In the chapter 1, the emphasis of the high availability concept is crucial. The authors precisely points out that high availability should be looked from users’ perspective. Many DBAs or system administrators especially novice ones have a tendency to focus solely on their respective areas. The provided sample of the availability percentage in the “high availability interpretations” section is a good reminder for a need to have an end-to-end high availability design to avoid a single point of failure (SPOF). The chapter goes on to give the definitions of many acronyms (BIA, BCP, DRP, etc.) commonly-used during the planning phase. It is quite useful to be aware of them especially when discussing with business end-users. The chapter ends with providing a whole picture of the high availability solutions (RAC, Data Guard, Streams, Application Server Clustering) from Oracle as a part of the Maximum Availability Architecture (MAA). It is worth to point out that RAC is just one (not the only) of key components for a complete high availability solution.

Chapter 2 looks into the hardware components of Oracle RAC architecture including network, storage, etc. Again, I think the authors reinforce a need to understand all these underlying technologies (at least at high level) even though DBAs might not involve in the actual implementation. But it is crucial to have this knowledge under their belts in order to have the productive discussions of the requirements and design with system administrators.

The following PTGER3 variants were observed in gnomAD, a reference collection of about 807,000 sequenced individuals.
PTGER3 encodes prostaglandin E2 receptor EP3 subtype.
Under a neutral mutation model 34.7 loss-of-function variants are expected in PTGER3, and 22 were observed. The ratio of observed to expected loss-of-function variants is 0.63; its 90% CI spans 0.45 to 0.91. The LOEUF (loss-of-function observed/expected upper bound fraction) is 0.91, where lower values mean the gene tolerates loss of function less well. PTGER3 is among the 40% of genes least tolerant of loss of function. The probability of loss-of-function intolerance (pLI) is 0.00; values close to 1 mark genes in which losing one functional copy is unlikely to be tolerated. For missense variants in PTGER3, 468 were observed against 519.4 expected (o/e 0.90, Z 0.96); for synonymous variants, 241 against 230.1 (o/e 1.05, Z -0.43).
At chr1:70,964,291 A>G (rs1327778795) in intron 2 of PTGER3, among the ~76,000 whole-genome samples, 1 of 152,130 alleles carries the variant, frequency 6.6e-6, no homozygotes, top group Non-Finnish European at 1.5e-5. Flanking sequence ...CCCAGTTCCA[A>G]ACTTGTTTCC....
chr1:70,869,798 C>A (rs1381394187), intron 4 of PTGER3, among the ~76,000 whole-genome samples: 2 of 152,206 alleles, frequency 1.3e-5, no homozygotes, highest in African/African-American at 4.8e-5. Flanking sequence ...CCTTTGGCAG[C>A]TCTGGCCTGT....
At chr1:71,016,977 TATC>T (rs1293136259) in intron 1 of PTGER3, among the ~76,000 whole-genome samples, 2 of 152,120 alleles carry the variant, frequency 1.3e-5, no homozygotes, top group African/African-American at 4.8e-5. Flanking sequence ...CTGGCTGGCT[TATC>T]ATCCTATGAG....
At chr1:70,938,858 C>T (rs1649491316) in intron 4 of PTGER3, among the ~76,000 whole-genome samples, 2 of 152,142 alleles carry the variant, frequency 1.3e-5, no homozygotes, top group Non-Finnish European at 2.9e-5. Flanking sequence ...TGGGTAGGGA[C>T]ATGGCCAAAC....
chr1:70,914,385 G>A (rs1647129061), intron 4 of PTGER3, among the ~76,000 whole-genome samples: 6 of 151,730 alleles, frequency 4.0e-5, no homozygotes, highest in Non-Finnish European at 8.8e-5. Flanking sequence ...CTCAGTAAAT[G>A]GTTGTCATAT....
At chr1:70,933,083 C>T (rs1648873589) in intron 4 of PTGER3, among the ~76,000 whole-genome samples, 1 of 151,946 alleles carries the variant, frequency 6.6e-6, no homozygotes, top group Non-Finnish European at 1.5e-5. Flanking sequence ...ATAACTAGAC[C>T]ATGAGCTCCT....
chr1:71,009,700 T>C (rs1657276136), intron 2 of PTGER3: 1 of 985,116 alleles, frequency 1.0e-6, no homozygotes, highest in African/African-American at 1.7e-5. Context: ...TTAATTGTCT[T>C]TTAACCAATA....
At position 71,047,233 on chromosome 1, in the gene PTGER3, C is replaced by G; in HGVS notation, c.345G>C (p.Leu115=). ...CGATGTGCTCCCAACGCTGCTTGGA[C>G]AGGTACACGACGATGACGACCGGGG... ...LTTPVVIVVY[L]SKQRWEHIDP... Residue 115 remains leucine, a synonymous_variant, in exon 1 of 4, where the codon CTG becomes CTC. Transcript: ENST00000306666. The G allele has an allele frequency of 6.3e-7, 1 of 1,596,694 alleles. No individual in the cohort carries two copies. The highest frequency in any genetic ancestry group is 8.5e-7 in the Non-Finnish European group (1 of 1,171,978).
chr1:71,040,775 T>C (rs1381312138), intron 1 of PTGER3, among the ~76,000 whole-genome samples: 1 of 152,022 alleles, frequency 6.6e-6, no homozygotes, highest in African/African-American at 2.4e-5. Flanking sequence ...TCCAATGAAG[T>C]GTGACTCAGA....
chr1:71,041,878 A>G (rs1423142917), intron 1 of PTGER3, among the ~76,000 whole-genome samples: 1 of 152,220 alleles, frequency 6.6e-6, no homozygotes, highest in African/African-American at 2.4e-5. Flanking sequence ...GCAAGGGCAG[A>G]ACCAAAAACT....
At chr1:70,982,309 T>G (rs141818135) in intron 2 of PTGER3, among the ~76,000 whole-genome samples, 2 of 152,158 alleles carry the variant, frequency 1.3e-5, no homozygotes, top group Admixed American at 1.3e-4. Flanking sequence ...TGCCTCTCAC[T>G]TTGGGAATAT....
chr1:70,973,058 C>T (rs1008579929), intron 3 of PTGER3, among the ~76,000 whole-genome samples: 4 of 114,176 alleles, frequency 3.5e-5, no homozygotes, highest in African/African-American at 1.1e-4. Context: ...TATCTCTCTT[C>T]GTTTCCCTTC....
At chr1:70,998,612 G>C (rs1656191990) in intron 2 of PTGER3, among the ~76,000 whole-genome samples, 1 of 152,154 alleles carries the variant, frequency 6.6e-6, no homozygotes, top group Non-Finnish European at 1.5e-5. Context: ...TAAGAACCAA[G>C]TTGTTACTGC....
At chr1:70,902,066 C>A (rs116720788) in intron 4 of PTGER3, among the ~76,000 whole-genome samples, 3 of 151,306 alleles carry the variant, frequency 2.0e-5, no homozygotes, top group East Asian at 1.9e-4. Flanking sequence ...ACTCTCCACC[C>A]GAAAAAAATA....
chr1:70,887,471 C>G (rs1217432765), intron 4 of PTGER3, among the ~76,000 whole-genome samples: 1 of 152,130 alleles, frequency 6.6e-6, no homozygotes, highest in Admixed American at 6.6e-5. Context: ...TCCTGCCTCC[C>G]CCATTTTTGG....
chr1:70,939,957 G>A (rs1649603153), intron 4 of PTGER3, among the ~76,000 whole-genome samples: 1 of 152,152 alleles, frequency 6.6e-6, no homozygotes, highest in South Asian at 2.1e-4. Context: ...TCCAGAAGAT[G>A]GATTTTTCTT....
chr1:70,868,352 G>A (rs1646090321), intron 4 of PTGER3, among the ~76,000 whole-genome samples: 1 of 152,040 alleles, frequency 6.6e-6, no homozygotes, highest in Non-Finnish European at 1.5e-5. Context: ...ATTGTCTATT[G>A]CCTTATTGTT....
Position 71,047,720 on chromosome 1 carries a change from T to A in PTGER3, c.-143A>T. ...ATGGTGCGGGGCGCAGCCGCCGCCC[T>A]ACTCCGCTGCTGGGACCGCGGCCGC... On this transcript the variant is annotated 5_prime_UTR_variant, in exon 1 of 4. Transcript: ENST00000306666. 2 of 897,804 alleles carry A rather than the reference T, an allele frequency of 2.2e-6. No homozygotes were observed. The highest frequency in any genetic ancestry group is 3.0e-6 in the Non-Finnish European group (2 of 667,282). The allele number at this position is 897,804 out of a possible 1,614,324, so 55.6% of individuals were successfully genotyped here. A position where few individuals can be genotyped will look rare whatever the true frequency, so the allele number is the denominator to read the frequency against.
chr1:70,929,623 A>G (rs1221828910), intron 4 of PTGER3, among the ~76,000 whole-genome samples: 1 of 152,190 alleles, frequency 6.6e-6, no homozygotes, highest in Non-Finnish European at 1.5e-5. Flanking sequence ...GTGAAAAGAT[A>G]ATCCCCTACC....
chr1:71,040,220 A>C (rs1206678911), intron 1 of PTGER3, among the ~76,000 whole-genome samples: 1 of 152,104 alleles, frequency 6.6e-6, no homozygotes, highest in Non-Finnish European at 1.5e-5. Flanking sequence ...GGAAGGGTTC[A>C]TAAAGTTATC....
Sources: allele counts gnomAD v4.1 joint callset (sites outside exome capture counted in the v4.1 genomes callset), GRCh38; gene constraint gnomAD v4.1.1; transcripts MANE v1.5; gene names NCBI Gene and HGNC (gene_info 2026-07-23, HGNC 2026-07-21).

Chapter 3 goes into the clusterware installation of 11g R1/R2. Even though readers may to be able to find similar information on many web sites and blogs, this book has some extra information which makes an attempt to explain what each action does, for example, what happen when the orainstRoot.sh and root.sh run?

Chapter 4 dedicates to the Automatic Storage Management (ASM) which becomes the only clear choice for storage management in the 11g deployment. The chapter covers all aspects of ASM in both R1 and R2 including new features, configurations, management, etc.

Chapter 5 covers Clusterware management and (some) troubleshooting samples. Instead of showing all possible troubleshooting scenarios (which is impossible to include everything in a chapter or even in a book), the authors did an excellent job of giving an overview of all necessary Clusterware utilities in order to troubleshoot the issues.

Chapter 6 turns our attention to RAC database administration. The structure is similar to that of Clusterware in the chapter 3. The latter part of the chapter also covers the automatic workload management including the topic of the service which is highly recommended to utilize it (not using the default database service.)

Chapter 7 covers all aspects of backup and recovery of Oracle database including the best practices. In addition, new features of RMAN in Oracle 11g R1 and 11g R2 along with OCR and voting disk backup and recovery are discussed.

Chapter 8 tries to give an overview of performance tuning. The intention here seems to just give an overview of the concept and methods of performance tuning as well as new 11g performance features, for example, Real Application Testing (RAT) which has the Database Replay and SQL Performance Analyzer (SPA). This high-level overview focus is understandable because the scope of performance tuning is generally vast. Some of tuning metrics especially relate to the wait events are explained here.

Chapter 9 focuses on the upgrade scenarios. As we all know it is impossible to cover all possible scenarios. But the authors gives sufficient information about overall upgrade processes from 10g R2 to 11g R1 and then to 11g R2 in this chapter. Definitely consulting with Oracle support for more details on individual upgrade case is still highly recommended.